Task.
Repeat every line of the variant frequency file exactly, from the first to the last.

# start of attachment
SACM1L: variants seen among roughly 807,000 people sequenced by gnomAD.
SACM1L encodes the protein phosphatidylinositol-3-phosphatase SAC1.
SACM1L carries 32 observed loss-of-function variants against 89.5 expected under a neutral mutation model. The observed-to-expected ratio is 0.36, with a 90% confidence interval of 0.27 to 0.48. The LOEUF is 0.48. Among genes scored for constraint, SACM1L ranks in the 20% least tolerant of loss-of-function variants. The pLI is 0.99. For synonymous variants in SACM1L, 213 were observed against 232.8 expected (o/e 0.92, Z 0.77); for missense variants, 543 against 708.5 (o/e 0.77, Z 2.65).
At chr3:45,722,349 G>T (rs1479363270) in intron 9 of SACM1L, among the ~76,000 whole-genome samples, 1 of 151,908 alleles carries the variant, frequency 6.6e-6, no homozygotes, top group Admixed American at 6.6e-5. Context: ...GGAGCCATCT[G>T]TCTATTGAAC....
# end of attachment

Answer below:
SACM1L: variants seen among roughly 807,000 people sequenced by gnomAD.
SACM1L encodes the protein phosphatidylinositol-3-phosphatase SAC1.
SACM1L carries 32 observed loss-of-function variants against 89.5 expected under a neutral mutation model. The observed-to-expected ratio is 0.36, with a 90% confidence interval of 0.27 to 0.48. The LOEUF is 0.48. Among genes scored for constraint, SACM1L ranks in the 20% least tolerant of loss-of-function variants. The pLI is 0.99. For synonymous variants in SACM1L, 213 were observed against 232.8 expected (o/e 0.92, Z 0.77); for missense variants, 543 against 708.5 (o/e 0.77, Z 2.65).
At chr3:45,722,349 G>T (rs1479363270) in intron 9 of SACM1L, among the ~76,000 whole-genome samples, 1 of 151,908 alleles carries the variant, frequency 6.6e-6, no homozygotes, top group Admixed American at 6.6e-5. Context: ...GGAGCCATCT[G>T]TCTATTGAAC....